The extreme always makes the ordinary seem smaller. An extremely tall person will make a person of average height seem short, for example. An extremely bright light will make ordinary light seem darker.
Fred Phelps did that with homophobia.
His extreme fear and hatred made ordinary homophobia seem innocuous. That was what irked me most about him, to be honest. He gave our nation an automatic excuse, an insidious shield behind which we could hide: “Well, at least I’m not as bad as Fred Phelps.”
I have always approached the Westboro group with an attitude of “ignore them and they’ll go away.” However, I decided to break my own rule today to offer a thought on the day Fred Phelps died.
I need to say, “I forgive you, Fred Phelps.” I know in my head that I need to say that. I know that is the Christian thing to do. I know that Jesus gave his life so that Fred Phelps would know the depth of God’s love for him, and receive the gift of everlasting life.
I know all that.
And yet I cannot stop thinking about all of the ordinary, everyday, run-of-the-mill homophobia that Fred Phelps’ extremism obscured.
Once a man told me he didn’t want any gay people to sing in church choir because he didn’t want one to put his hand on his knee in the middle of choir practice. Of course, he was no Fred Phelps …
Once a woman in a Bible study got upset that anyone would dare to “accuse” David and Jonathan of being gay. But now, at least she wasn’t Fred Phelps, you know…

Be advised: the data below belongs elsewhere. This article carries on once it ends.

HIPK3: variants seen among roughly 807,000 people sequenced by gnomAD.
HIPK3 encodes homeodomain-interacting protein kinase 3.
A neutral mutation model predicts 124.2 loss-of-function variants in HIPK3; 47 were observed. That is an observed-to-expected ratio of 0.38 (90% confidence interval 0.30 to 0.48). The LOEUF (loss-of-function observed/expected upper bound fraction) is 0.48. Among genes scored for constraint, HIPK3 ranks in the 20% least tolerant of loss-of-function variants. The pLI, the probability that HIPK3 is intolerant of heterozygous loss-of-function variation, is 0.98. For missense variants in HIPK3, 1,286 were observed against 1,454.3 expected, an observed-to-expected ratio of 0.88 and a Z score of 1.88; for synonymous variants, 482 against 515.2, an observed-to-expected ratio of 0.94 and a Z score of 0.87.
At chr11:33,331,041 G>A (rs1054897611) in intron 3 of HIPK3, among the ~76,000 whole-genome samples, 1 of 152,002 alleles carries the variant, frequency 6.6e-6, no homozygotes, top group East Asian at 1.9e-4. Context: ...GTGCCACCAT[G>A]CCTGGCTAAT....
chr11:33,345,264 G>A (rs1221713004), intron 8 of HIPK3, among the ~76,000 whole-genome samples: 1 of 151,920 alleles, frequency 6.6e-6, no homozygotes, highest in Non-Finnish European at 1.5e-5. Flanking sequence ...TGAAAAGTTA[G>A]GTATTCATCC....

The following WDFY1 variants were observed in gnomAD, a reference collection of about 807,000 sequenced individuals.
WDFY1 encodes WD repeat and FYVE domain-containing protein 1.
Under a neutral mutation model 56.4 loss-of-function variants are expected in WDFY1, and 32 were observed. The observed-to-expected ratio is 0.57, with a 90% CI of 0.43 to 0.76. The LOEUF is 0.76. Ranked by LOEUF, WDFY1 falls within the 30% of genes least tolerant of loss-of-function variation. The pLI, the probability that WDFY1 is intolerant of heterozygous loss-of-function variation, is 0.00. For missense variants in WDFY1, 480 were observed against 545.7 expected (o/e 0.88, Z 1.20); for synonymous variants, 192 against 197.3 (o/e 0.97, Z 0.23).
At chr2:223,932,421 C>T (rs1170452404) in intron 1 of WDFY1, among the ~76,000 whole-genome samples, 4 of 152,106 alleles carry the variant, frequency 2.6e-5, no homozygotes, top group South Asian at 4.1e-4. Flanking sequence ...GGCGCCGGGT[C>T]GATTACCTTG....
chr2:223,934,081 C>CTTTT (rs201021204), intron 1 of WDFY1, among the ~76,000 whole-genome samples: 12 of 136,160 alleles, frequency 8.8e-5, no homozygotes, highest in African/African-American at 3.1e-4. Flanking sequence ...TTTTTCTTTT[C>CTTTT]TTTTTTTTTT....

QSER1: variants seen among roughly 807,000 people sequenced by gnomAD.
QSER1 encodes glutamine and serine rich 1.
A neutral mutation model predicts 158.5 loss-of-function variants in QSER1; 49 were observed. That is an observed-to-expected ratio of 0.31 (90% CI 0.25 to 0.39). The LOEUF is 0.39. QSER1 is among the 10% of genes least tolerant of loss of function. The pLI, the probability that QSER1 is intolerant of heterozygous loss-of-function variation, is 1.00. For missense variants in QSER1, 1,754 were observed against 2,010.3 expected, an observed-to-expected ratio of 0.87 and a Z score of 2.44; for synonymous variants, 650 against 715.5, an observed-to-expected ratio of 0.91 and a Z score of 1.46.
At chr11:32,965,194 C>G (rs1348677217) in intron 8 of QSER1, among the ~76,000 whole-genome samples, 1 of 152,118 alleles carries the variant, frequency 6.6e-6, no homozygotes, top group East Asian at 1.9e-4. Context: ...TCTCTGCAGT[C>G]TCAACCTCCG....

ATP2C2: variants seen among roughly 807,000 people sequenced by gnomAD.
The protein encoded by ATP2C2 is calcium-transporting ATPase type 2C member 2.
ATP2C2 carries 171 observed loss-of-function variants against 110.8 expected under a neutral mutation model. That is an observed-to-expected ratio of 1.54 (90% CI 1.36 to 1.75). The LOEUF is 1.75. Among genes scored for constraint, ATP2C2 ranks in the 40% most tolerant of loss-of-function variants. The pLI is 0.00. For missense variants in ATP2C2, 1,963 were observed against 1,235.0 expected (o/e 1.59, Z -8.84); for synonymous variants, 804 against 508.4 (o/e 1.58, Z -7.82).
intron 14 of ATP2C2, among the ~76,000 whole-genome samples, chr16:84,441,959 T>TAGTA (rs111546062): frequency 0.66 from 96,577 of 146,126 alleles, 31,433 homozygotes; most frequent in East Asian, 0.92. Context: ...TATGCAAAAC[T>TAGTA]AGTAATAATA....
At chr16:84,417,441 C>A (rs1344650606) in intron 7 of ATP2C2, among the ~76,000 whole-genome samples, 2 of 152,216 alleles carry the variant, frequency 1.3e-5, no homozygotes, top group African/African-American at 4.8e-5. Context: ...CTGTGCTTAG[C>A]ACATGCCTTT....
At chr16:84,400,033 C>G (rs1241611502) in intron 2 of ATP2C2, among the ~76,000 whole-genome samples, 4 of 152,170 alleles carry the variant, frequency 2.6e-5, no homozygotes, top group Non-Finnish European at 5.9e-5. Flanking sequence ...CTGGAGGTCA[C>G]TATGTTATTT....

Once a man said to me, with a chuckle and a wink, “I don’t care what they do in their personal lives, just so long as they don’t change the definition of marriage.” But hey! Fred Phelps…
It is very hard for me to forgive him for being the extreme that made the ordinary seem smaller.
Because I believe that the hidden homophobia that infects our society is actually a lot more dangerous than the extreme. The extreme is outlandish, a cartoon, a circus. It draws our collective attention away from more subtle but no less hateful actions. The devil is perfectly content for us to spend all our time and energy painting the porch while the true evil is working to erode away the foundation of the house, well outside of our collective attention span.
So let me just say this. Fred Phelps, you have no power over me. You have no power over any of my friends, neither those who happen to be gay nor those who happen to be homophobic. We no longer have you behind which to hide our ordinary homophobia. And now, if we will forgive you, that will set us free to love people – ALL people – like Jesus calls us to love.
We must no longer use your extreme ideas to hide our own hurtful attitudes and actions. Instead, we must confront them, confess them, and allow the grace of God to transform them. And in order for this to happen, we must forgive you. We know that we should. We know that if we do not, you will continue to hold this bizarre sort of power over us. And so…
Fred Phelps, we forgive you.
Dear God, receive Fred into the arms of your mercy, and raise him up with all your people.
Receive us as well. May we live as those who are prepared to die. And when our lives here are accomplished, may we die as those who go forth to live, so that living or dying, our life may be in you, and nothing in life or in death will be able to separate us from your great love made known to us in Jesus Christ.